This is a response to http://www.protagonize.com/exercise/creative-writing-prompts/133153
Describe a building from the point of view of a man who just lost his only son in war. Do it without mentioning death, war, his son, or himself.Describe that same building at the same time of day and weather conditions, from the point of view of a man who has just discovered he's going to be a father. The same rules apply however, don't mention birth, or babies.
Note: I found this really difficult, but I suppose that means that I am developing myself. I managed not to mention most things, except the characters mentioning themselves, where I sadly failed, but I decided not to take out those bits.
The building is St Paul's Cathedral, London.
The bells tolled the hour morbidly as a fifty three year old man traipsed up the broad flight of steps. The light reflecting from the white marble outside was hurting his eyes. The saints and apostles provoked him from above. How meaningless was their plea. He stepped through the smaller door cut in the immense, heavy wooden doors.
It was cold inside. The air smelt stale, he could feel centuries of pain and heartbreak in this place where generations had mourned. The floor, in chequered black and white marble tiles stretched out smoothly before him, only to be interrupted by incongruous columns, as pale as corpses, and scattering of ugly chairs that didn’t fit in with the rest of the building.
He glared up at the gaudy stained glass windows and garish ceiling artwork. Jesus mournfully stared back at him. High up between the gothic arches he saw images of the crucifixion, of women weeping, of human suffering. What was the point of this futile existence when it was so full of pain? He was filled with anger and disillusionment.
They had come here many years ago as a young family. Just as his father had brought him and his grandfather had brought his father as a boy, all those years ago. But here the journey ended. He was the last of his line. This fact still shocked him; it somehow refused to sink in.
He made his way downstairs to the crypt, he felt better down here, in the relative dark of the electric lighting, away from all that unnecessary splendour. All that grandeur stood for was the historical buying power of the church, showing off its wealth and strength. All the finance to create this building had been obtained under false promises, collecting money to supposedly save souls.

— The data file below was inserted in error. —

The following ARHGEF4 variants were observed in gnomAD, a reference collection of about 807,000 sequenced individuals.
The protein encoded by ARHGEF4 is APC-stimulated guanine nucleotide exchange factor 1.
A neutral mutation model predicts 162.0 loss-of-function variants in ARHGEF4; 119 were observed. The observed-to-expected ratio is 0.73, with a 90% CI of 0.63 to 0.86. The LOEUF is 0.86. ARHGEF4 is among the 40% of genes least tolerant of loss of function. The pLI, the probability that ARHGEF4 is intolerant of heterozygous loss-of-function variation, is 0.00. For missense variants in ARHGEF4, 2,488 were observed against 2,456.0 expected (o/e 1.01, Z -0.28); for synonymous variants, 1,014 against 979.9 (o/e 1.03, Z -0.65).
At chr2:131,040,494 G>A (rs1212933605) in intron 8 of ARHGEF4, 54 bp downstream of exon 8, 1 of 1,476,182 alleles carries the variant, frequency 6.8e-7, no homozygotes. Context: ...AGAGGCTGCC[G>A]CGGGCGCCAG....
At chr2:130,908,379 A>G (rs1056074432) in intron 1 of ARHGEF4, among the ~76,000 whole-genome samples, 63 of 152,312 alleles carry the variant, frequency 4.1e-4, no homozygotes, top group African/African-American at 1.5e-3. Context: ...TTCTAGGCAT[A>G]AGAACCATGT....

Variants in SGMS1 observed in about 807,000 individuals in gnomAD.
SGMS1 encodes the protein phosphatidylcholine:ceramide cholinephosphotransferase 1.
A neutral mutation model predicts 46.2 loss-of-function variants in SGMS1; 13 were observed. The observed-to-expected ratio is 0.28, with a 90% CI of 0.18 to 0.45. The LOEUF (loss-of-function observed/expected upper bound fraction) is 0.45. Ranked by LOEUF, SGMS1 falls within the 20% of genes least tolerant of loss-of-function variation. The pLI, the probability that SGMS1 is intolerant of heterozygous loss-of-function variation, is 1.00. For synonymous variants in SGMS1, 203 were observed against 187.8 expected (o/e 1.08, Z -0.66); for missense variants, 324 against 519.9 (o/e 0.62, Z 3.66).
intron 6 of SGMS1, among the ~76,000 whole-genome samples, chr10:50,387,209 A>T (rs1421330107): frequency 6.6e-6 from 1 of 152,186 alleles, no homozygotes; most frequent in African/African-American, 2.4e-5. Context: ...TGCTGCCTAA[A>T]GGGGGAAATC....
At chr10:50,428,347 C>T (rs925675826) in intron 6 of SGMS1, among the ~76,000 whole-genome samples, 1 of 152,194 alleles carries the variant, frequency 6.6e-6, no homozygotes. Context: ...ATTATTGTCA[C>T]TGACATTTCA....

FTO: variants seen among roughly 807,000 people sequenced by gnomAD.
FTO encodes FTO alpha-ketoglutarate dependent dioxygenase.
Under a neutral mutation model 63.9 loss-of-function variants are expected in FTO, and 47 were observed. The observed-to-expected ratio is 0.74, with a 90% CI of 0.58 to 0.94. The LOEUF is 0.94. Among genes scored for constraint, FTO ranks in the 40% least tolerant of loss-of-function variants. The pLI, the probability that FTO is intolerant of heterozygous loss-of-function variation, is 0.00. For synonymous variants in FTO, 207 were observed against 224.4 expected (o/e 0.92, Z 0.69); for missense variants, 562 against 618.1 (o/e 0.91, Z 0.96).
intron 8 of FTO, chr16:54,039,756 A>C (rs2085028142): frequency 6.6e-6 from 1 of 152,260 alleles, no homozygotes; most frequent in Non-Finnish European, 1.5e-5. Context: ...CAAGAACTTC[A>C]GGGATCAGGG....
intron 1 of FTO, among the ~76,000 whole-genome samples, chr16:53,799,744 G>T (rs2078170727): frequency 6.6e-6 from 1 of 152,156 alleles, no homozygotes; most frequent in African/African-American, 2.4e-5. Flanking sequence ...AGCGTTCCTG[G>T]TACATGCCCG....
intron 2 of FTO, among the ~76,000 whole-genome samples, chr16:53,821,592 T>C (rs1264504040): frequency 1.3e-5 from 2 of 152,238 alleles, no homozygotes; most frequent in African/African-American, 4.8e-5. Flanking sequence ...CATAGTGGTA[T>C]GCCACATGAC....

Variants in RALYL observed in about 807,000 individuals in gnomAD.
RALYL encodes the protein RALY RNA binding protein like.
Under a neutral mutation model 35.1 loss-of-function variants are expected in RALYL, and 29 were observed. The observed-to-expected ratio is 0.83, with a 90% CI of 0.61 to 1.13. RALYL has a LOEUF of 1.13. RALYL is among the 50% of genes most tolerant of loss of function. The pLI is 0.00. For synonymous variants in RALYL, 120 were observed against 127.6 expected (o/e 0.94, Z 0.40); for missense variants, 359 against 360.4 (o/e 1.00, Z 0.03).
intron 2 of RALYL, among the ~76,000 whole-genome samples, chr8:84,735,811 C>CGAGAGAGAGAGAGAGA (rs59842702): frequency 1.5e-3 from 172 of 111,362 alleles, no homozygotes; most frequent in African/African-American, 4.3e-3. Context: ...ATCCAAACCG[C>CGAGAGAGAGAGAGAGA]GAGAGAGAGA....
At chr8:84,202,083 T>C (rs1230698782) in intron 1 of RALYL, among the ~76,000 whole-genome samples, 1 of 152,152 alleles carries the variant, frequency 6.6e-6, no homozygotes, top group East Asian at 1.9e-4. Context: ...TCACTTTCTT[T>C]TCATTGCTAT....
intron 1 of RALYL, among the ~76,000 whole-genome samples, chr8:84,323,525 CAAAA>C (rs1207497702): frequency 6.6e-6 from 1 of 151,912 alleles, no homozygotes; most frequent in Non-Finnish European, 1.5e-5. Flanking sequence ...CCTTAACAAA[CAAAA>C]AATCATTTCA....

He stood observing the tomb of an ancient King, marble hands clasped around his warrior’s sword, pallid death mask betraying lost hope. The memory of this King’s reign had long decayed, but he felt less alone. The two men, one dead and one alive, were united in their defeat.
On his way out he passed a younger man. He was well dressed and scented; the wistful look on his face was simultaneously full of life and excitement. The older man sighed. He knew what lay ahead for this young man. He wanted to reach out and tell him to prepare himself for sorrow.
The bells rang jubilantly as a thirty two year old man strode up the steps, two at a time. The colossal pillars of the Grecian style entrance soared high above him, as if they stretched halfway to heaven. He felt insignificant and humble next to this grandiose construction, honoured to be entering this architectural masterpiece, one of the most astounding buildings in the world.
He grinned up at the saints on their pedestals, glistening in the rare sunshine. He marvelled at the detail of the angels and cherubs, the ornate fruits and flowers that decorated the building. He imagined the accomplished stonemasons working all those years ago, and how contented they must have been with the results of their toil. They had left an inspirational legacy for future generations; they had strived so that the whole world might reap the seeds they had sown. And now here he stood, not the boy he once was, but a man and on the cusp of his own future, his own legacy.
On stepping through the doorway he inclined his head and gasped in awe of the sheer scale of the interior. Ethereal pillars stretched up to golden blooms which were fashioned into sweeping domes and arches high above his head. The ceiling was so intricate that it was impossible to absorb. He tenderly drifted down the airy aisle, flanked by white marble statues that seemed to knowingly watch him on his pilgrimage, until he stood beneath the almighty dome of the Cathedral. Colours danced above him, it was like the beauty of a star-ridden midnight sky was combined with all the colour of the most spectacular sunset ever known. The archangels and disciples looked down from their splendour with triumphant approval. Jesus stood resplendent, newly resurrected. The artists here had truly captured the essence of life. He had never seen anything so magnificent. He could feel centuries of hope and elation in this place where generations had come together to celebrate.
He prayed for hope, for the future, for life, and he was grateful. He felt nervous excitement growing in the pit of his stomach. Next time he visited he wouldn’t be alone. He couldn’t wait for that day.